A rebel group in northeastern Uganda, the Lord’s Resistance Army (LRA) massacred over 250 defenceless civilians on February 21, at Barlonyo refugee camp 400 kilometres north of the capital Kampala. It is the worst attack against civilians in the last ten years of an 18-year-old conflict.
Around 300 LRA rebels attacked the Barlonyo camp, in Lira district, armed with light machine guns, assault rifles and rocket propelled grenades. They were dressed in brand new uniforms of the regular army, the Ugandan Peoples Defence Force (UPDF). After ordering people at gunpoint to go inside their thatched huts, they then burnt these to the ground. Those attempting to flee were shot, bludgeoned or hacked to death with machetes. This attack comes just weeks after the rebels massacred around 50 people in Abia camp, also in Lira district.
Barlonyo is one of the so-called “protected villages” which the government established in order to safeguard the local population from LRA attacks. It was home to almost 5,000 refugees, but was defended by just 30 guards, with little experience, who failed to alert nearby troops. Several thousand Internally Displaced Persons (IDPs) from Barlonyo camp have fled to a nearby trading centre at Oguk.
There has been much public anger at the army’s failure to protect the camp. Accusations have been made that sections of the ruling class—in both the army and in government—have collaborated with the rebels. The quality of arms that the rebels have at their disposal has raised questions also.
Fear of attacks in the camps has meant that crops do not get cultivated and economic life largely disappears. This is replaced instead by food aid. Disease and famine are rife.
The LRA has traditionally been backed by the Sudanese government, whilst the Ugandan government has backed the Sudan Peoples Liberation Movement/Army (SPLM/A) which has until recently been fighting against Khartoum. This arrangement is in something of a transitory stage as Sudan is about to conclude a peace-deal with the SPLM/A, and the LRA has been driven from Uganda.
In order to deflect criticism, President Museveni has put the responsibility for the massacre onto the army and its command structure, accusing it of “negligence”. “It’s very sad, on behalf of the government, or the army, I apologise to the people because the mistake is on the side of the army,” he said.
Museveni has made a scapegoat of the regional commander, removing him to headquarters for further training. This is punishment for allowing an “unofficial” camp to be set up in his area with too little security. Museveni has also promised further bases in the north to combat the LRA.
The LRA are a notoriously brutal outfit, of no more than a few thousand, which operates in an area covering parts of Uganda, Sudan and the Democratic Republic of Congo. They are led by Joseph Kony, a shadowy recluse who claims to have magical powers derived from the Christian Holy Spirit, and manipulates local beliefs in witchcraft to rule by fear. He promotes his operation as a Biblical mission.
Kony proclaims that his intention is to topple the government in Kampala, which is dominated by southerners, and restore power to the Acholi people in the north, whom he claims to represent. It is these very Acholi civilians that the LRA brutalises through its operations.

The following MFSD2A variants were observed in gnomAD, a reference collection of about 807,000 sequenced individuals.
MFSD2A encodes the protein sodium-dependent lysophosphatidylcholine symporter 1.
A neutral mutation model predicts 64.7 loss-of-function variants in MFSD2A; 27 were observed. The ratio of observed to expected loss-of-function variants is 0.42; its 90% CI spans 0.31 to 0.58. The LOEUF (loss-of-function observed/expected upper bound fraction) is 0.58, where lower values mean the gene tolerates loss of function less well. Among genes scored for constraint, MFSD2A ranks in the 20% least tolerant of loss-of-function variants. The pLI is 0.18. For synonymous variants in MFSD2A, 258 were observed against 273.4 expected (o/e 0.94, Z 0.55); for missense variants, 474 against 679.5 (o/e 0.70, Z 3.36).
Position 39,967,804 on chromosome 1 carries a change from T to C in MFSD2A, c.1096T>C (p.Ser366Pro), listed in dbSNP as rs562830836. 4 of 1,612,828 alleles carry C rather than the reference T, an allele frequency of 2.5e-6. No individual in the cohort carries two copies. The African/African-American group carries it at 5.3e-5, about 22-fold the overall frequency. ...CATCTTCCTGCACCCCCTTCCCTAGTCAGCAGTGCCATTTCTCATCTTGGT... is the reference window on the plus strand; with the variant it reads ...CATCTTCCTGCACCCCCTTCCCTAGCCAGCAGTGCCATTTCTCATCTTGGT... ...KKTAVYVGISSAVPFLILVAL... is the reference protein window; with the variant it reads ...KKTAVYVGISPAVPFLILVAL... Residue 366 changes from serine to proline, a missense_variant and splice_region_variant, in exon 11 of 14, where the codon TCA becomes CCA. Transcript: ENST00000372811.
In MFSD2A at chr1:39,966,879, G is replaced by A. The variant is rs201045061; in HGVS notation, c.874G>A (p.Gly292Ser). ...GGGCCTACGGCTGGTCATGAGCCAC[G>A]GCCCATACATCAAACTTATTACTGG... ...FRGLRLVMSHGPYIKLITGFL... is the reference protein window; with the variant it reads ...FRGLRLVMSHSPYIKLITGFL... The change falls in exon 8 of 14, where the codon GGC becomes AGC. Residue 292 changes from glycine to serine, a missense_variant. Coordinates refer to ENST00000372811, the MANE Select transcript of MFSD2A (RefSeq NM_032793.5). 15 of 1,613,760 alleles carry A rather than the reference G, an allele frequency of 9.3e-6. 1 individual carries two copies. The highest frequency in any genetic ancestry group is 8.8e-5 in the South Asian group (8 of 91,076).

The conflict has continued for almost two decades and has cost some $1.3 billion. Aid agencies estimate that over 23,000 people have died, and there are also approximately 1.4 million IDPs in the northeast of Uganda.
The LRA operates by abducting adults and children as young as seven, largely from the Acholi. They are then used for menial work and also to raid villages for food, fight against the UPDF, slaughter civilians and abduct other children. Girls as young as 12 are given as wives to LRA commanders. Children who attempt to escape are killed, sometimes by other children who are forced to trample on them.
The UN estimates that 30,000 children have been abducted since the 1990s. This has accelerated over the last few years, with Human Rights Watch estimating that around 10,000 have been abducted since mid-2002, up from one hundred in 2001. The intensification followed the return of the LRA to Uganda after the Ugandan government’s “Operation Iron Fist” against the LRA’s bases in southern Sudan in March 2002.
Escalating rates of abduction have meant that many children leave their homes at night and head to the relative safety of the towns. In late 2003, figures for Gulu municipality indicated 16,000 of these “night commuters”, many of whom walk up to 10 kilometres each night, returning home the following morning. Some will sleep rough, or with relatives, others may get a bed at one of the various shelters that exist.
In July last year some 20,000 children marched through Kitgum to protest against the abductions.
In December 2003 the Ugandan government asked the newly formed International Criminal Court (ICC) to help prosecute LRA rebels. In January ICC Prosecutor Luis Moreno Ocampo announced that he was considering a probe into the LRA. He has now announced that he will investigate this current massacre.
This is the second preliminary investigation ever launched by the ICC, and the first to involve gathering evidence “in the field”. The ICC has said that as well as investigating the LRA it will also look at allegations made against the UPDF.
The UPDF is notoriously corrupt, with officers happy to perpetuate the conflict since it represents an opportunity for profit. The UPDF also uses child labour and exploits children for fighting. Often these are children who have escaped from the LRA. Children are also recruited into official Local Defence Units (LDUs).
LDUs ostensibly provide security for their villages, but they are then used also to fight alongside UPDF troops against the LRA. This is not only in northern Uganda but also in the Congo and the Sudan.